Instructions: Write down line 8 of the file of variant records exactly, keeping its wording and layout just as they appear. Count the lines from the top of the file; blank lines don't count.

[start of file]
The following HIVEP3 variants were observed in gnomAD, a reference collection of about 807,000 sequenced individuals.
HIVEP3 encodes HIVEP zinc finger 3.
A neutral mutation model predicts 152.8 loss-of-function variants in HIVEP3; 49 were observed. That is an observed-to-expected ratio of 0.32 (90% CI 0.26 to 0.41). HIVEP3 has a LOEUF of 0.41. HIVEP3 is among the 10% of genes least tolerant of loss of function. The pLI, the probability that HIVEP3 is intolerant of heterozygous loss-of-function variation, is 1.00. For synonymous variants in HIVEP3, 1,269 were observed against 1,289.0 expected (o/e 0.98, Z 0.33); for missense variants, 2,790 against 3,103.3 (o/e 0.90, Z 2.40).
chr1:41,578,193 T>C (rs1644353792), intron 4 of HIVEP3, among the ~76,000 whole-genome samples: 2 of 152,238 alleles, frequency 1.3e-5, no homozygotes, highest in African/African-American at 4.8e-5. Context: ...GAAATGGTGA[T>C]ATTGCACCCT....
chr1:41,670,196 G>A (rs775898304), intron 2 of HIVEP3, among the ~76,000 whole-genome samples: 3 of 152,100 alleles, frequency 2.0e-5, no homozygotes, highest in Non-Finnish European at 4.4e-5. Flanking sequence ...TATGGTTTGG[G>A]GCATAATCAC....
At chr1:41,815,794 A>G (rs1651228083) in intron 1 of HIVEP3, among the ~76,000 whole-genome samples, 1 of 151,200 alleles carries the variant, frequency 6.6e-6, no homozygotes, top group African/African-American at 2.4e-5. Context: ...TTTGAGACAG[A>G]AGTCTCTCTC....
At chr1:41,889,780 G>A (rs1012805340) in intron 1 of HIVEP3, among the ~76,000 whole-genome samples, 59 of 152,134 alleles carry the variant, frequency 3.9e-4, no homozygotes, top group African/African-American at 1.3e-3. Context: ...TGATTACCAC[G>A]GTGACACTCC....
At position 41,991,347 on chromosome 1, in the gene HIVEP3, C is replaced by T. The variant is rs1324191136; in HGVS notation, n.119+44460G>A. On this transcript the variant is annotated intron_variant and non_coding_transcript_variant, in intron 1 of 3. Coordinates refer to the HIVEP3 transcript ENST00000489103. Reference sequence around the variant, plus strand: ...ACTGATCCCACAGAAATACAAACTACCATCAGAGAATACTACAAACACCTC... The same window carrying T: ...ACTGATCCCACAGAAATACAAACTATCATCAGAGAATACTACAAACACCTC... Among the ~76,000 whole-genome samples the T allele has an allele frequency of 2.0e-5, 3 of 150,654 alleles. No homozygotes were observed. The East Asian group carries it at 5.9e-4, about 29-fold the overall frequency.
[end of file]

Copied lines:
At position 41,991,347 on chromosome 1, in the gene HIVEP3, C is replaced by T. The variant is rs1324191136; in HGVS notation, n.119+44460G>A. On this transcript the variant is annotated intron_variant and non_coding_transcript_variant, in intron 1 of 3. Coordinates refer to the HIVEP3 transcript ENST00000489103. Reference sequence around the variant, plus strand: ...ACTGATCCCACAGAAATACAAACTACCATCAGAGAATACTACAAACACCTC... The same window carrying T: ...ACTGATCCCACAGAAATACAAACTATCATCAGAGAATACTACAAACACCTC... Among the ~76,000 whole-genome samples the T allele has an allele frequency of 2.0e-5, 3 of 150,654 alleles. No homozygotes were observed. The East Asian group carries it at 5.9e-4, about 29-fold the overall frequency.